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Re: C++ Standard Question

On 22/01/15 16:07 -0600, Joel Sherrill wrote:

On 1/22/2015 3:44 PM, Marc Glisse wrote:
On Thu, 22 Jan 2015, Joel Sherrill wrote:

I think this is a glibc issue but since this method is defined in the C++
standards, I thought there were plenty of language lawyers here. :)
s/glibc/libstdc++/ and they have their own ML.
 Thank you.
That's deprecated, isn't it?
Yes. There is also a warning about that coming from the test code.
I don't know how long it has been deprecated since even with
-std=c++03, the warning is present.

Those types were deprecated even in the first C++ standard in 1998.
They were born deprecated, and have remained so ever since.

  class strstreambuf : public basic_streambuf<char, char_traits<char> >
  ISSUE ====> int pcount() const;   <===== ISSUE

My reading of the C++03 and draft C++14 says that the int pcount() method
in this class is not const. glibc has it const in the glibc shipped with
Fedora 20
and CentOS 6.

This is a simple test case:

   #include <strstream>

   int main() {
       int (std::strstreambuf::*dummy)() = &std::strstreambuf::pcount;
/*-- pcount is conformant --*/
       return 0;

What's the consensus?
The exact signature of member functions is not mandated by the standard,
implementations are allowed to make the function const if that works (or
provide both a const and a non-const version). Your code is not guaranteed
to work. Lambdas usually provide a fine workaround.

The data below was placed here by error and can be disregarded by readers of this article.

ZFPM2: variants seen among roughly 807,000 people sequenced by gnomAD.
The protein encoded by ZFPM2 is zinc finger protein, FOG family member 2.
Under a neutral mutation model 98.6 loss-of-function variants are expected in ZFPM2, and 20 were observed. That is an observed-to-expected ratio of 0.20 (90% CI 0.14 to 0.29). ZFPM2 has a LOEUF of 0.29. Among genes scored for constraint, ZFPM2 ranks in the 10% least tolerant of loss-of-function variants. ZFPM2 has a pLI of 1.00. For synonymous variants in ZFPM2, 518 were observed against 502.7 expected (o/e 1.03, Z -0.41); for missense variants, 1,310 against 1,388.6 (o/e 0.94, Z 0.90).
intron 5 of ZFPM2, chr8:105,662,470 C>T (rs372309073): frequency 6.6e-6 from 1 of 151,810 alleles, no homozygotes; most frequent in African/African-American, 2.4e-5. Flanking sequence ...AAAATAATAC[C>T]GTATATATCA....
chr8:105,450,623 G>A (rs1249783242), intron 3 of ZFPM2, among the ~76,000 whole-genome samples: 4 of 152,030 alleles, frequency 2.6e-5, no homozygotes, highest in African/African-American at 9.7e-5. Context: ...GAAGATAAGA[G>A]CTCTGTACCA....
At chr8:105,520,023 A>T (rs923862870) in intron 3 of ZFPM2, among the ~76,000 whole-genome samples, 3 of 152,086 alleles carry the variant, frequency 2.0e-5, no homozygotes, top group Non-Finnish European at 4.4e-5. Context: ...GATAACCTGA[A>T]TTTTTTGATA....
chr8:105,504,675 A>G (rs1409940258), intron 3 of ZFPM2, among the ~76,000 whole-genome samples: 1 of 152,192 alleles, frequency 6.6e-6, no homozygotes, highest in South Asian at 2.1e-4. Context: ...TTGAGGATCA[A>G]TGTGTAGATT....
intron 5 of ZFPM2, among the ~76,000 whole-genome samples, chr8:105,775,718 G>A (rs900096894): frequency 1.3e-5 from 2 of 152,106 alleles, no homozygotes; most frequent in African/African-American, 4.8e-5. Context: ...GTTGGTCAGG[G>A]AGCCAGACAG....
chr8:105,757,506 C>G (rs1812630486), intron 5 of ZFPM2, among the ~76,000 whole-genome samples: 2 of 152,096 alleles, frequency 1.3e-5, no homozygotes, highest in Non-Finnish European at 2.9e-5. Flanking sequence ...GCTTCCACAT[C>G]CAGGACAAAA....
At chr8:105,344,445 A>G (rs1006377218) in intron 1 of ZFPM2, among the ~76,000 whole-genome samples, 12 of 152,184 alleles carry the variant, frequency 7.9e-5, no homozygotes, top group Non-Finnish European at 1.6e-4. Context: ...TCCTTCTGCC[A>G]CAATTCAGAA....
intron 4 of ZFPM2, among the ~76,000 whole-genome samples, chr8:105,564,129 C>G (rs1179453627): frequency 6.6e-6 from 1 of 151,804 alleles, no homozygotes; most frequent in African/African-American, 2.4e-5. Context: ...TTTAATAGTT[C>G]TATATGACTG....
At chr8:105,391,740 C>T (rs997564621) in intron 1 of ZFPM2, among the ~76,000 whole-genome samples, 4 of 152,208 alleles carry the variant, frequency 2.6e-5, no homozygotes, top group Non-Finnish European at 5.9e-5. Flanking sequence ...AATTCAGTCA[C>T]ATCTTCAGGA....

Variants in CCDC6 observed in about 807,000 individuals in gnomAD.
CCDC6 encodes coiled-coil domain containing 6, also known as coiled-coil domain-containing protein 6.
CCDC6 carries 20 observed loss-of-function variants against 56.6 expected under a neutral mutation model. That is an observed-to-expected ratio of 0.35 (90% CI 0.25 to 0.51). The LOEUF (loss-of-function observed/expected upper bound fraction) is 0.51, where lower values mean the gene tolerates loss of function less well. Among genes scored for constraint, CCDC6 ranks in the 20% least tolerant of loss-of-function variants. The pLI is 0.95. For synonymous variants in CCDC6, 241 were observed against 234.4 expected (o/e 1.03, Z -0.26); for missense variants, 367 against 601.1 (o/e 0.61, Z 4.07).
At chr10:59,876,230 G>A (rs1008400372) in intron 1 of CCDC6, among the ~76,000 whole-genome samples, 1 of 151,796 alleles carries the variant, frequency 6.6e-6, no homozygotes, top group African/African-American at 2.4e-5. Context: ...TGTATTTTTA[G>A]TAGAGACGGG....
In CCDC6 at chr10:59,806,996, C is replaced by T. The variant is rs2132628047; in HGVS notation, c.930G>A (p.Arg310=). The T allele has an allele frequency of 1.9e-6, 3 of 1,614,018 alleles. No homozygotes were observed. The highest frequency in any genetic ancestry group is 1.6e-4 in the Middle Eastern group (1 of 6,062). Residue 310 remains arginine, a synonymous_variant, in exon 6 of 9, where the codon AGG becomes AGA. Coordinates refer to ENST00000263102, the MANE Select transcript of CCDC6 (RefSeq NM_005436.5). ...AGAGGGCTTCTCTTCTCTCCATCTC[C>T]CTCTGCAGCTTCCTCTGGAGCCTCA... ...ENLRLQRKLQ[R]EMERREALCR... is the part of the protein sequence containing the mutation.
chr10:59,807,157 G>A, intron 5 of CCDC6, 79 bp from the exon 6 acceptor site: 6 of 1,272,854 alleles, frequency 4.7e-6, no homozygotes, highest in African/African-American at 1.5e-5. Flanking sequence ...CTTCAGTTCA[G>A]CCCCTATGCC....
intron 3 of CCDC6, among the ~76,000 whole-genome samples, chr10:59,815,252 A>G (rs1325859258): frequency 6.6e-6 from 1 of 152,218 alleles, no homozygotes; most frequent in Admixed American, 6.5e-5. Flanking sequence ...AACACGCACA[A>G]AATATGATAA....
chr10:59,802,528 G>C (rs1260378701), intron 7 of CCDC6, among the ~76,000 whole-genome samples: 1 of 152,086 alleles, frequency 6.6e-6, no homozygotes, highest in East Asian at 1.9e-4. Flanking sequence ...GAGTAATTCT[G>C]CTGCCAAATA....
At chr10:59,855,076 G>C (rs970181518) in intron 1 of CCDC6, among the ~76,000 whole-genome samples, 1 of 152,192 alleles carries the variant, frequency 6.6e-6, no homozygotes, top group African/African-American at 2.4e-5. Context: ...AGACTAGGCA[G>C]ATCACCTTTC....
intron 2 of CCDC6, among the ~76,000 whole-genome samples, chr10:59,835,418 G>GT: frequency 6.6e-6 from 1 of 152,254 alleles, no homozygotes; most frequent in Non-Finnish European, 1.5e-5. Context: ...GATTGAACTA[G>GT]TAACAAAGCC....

This code is actually from the Open Group FACE Conformance Test Suite.
It uses code like this to check the presence of methods from the C Standard
Library, POSIX APIs, and the C++ Standard Library. It would be really
if you could cite the place in the C++ standard so I can provide that as
to the authors of the test suite. [member.functions] gives implementors certain freedoms to
provide slightly different signatures to those described in the
standard, including this:

-2- It is unspecified whether any member functions in the C++ standard
   library are defined as inline (7.1.2). An implementation may
   declare additional non-virtual member function signatures within a
â by adding arguments with default values to a member function
   â ...

   187) Hence, the address of a member function of a class in the C++
   standard library has an unspecified type.

The footnote makes it clear that we could declare strstreambuf::pcount
as a function with one or more parameters, as long as we give them
default values, meaning that the type of &std::strstreambuf::pcount is
not guaranteed to be int (strstreambuf::*)() in a conforming
implementation, so the conformance test could fail on an
implementation that conforms 100% to the standard.

I'm not sure if that gives us the liberty to add 'const' where the
standard doesn't have it, so this might be a real non-conformance
issue, but even if we fixed it their test is not guaranteed to work
for other reasons.

On a positive note, the test suite isn't flagging much using this
technique. This
may be the only method. But I would like to provide the correct feedback to
them so no one else deals with this.

IMHO the correct feedback for these deprecated types might be "Hmm,
you're right. Oh well, nevermind, we're not going to bother fixing it

Any real program using the pcount() member will work correctly with
our implementation. In practice only conformance tests are likely to
notice the difference.

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